Vite makes the assumption that developers are going to be using the latest browser versions, so it can safely rely on the latest JS functionality straight from the browser - in other words, no babel transpiling!

When you start Vite for the first time pre-optimisations will be done on your node_modules, then Koa, a light-weight node web server starts to serve your app.

There is no bundling or compiling needed to start the dev server, so it's damn quick (< 300ms).

When you open your Vite app you'll be served the index.html from the server. The browser is going to read the index.html and know how to parse the Native-ES-Module code.

<script type="module">import "/vite/client"</script>
<div id="app"></div>
<script type="module" src="/@app/index.js"></script>

Parsing the Native-ES-Module means it will read the export and import lines from your code. It will convert those lines into HTTP requests back to the server, where it will again read the export and import lines and make new requests.

It will keep going through like this with your dependencies recursively, in a waterfall process, until everything has been resolved.

Recursive network requests triggered from the entry - VitePress.
Recursive network requests triggered from the entry - VitePress.

Vite Component Example

Let's take a look at how these requests are working in the browser. After I open my app at http://localhost:3000, the browser has fetched the following index.js file from the web server:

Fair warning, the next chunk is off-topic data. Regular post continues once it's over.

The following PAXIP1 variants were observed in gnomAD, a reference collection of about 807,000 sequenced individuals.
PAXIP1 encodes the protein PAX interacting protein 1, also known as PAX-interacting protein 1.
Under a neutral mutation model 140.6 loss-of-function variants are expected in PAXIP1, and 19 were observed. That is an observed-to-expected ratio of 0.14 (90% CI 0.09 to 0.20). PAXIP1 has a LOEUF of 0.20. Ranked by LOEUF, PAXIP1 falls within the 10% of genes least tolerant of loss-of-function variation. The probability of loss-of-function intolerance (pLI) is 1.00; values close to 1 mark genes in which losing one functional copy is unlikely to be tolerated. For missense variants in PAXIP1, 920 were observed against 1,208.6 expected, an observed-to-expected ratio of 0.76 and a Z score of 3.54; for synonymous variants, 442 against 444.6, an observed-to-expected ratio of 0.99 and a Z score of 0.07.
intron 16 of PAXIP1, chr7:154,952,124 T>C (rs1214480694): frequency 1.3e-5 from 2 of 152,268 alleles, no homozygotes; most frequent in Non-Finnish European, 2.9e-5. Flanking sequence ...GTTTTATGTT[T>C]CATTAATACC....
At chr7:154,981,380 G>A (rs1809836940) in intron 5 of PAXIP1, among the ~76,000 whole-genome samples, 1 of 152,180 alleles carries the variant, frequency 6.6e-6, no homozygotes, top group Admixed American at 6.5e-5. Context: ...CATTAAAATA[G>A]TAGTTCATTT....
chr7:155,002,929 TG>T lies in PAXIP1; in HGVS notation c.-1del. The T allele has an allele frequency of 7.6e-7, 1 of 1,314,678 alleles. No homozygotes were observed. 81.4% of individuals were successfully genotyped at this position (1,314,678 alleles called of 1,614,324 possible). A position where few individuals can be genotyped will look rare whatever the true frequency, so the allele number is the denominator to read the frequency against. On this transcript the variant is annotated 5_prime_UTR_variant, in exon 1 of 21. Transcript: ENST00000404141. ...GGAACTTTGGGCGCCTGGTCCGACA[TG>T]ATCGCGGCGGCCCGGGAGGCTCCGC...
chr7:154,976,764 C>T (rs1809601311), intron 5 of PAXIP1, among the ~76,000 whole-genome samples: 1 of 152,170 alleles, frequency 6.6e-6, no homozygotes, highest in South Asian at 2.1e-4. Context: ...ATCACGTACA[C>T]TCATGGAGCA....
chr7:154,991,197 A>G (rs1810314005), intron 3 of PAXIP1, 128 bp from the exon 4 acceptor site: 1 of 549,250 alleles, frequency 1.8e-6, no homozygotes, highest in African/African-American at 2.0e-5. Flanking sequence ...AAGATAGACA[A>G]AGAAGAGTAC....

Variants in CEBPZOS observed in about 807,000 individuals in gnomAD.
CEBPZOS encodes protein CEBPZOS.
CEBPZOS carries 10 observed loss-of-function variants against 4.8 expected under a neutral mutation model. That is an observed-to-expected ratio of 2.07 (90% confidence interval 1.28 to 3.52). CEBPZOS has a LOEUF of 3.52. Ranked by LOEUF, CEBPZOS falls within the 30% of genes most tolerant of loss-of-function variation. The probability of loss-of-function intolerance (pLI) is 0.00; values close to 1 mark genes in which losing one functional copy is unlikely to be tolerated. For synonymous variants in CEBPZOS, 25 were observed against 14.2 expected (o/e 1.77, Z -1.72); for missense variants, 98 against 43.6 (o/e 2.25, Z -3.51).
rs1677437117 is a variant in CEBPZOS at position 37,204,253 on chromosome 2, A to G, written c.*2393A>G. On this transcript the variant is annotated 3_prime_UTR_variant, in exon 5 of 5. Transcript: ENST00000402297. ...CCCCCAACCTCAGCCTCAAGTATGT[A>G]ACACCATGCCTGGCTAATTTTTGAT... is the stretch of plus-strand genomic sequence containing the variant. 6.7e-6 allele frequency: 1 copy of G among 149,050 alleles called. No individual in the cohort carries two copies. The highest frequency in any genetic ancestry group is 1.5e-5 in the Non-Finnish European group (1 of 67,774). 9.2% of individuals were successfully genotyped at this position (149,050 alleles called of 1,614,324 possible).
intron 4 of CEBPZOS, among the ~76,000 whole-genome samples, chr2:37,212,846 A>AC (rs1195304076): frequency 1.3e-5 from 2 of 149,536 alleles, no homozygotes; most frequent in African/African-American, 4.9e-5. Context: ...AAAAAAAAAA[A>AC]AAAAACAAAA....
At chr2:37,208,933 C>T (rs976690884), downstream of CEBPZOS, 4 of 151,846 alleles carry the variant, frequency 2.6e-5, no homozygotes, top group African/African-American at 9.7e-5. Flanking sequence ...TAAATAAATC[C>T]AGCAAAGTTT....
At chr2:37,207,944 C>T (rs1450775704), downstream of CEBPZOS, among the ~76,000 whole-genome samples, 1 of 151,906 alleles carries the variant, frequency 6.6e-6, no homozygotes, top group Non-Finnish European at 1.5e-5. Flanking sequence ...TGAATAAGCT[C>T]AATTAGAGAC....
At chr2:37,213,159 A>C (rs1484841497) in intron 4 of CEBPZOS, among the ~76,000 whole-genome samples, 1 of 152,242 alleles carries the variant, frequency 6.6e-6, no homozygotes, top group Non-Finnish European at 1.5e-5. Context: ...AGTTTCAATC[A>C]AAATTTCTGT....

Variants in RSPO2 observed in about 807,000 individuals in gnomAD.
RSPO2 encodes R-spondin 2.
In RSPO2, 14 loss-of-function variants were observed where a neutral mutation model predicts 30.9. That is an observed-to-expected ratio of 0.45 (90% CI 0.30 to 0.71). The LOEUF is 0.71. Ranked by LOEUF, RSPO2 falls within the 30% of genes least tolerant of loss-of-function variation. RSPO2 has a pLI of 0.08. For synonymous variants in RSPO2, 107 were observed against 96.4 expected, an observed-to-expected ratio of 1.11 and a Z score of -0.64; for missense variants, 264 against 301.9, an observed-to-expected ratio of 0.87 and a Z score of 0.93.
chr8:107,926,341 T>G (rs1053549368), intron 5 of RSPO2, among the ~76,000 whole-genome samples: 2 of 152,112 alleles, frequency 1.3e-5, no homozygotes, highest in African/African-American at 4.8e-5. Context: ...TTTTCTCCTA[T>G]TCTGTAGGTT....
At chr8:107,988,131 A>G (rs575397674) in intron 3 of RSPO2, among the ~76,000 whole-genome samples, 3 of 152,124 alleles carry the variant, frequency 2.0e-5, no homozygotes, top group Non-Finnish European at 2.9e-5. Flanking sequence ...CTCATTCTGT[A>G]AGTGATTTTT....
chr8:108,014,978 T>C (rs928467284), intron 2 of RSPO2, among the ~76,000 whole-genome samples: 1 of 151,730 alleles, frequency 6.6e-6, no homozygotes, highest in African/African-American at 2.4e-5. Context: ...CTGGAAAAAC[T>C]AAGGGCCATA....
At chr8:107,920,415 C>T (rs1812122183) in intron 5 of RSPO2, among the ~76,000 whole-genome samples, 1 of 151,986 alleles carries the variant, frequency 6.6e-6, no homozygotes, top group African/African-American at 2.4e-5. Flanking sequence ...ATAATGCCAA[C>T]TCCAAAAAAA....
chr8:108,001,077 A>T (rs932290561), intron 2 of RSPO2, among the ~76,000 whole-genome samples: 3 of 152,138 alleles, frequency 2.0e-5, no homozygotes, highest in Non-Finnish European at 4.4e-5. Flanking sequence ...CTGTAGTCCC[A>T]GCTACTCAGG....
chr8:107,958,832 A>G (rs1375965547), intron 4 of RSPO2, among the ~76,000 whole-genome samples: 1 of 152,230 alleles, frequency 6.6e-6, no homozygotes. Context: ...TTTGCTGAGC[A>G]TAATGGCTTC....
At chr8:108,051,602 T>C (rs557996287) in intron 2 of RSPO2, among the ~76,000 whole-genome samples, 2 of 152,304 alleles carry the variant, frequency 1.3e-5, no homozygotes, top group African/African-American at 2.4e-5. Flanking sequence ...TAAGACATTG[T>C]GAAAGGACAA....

import '/@theme/styles/main.scss?import';
import Layout from '/@theme/Layout.vue';
import NotFound from '/@theme/NotFound.vue';
import CardPost from '/@theme/components/CardPost.vue';

const theme = {
    enhanceApp({ app, }) {
        app.component('CardPost', CardPost)
export default theme;
Normally, in webpack, you would have to transpile this code to something legacy browsers can understand. Newer browsers know what to do with it, see es6 module dynamic import.

Let's drill into that highlighted line which is requesting the CardPost SFC. The browser will turn that import into a request for http://localhost:3000/@theme/components/CardPost.vue.

import posts from '../../posts'

export default {
  props: {
    postIndex: {
      type: Number,
      required: true,
  computed: {
    post() {
      return posts[this.postIndex]

  <div class="card-post">

<style lang="scss" scoped>
.card-post {

Once the web server gets this request, it will need to compile the CardPost.vue file to javascript and send it back. Vite has many optimisations around the Vue compiling so this takes no time.

Let's see what comes through:

CardPost.vue - Transpiled
import posts from '/.vitepress/posts.ts'

import '/@theme/components/CardPost.vue?type=style&index=0'
import { render as __render } from '/@theme/components/CardPost.vue?type=template'

const __script = {
  props: {
    postIndex: {
      type: Number,
      required: true,
  computed: {
    post() {
      return posts[this.postIndex]
__script.__scopeId = 'data-v-287b4794'
__script.render = __render
__script.__hmrId = '/@theme/components/CardPost.vue'
typeof __VUE_HMR_RUNTIME__ !== 'undefined' && __VUE_HMR_RUNTIME__.createRecord(__script.__hmrId, __script)
__script.__file = '/home/harlan/sites/'
export default __script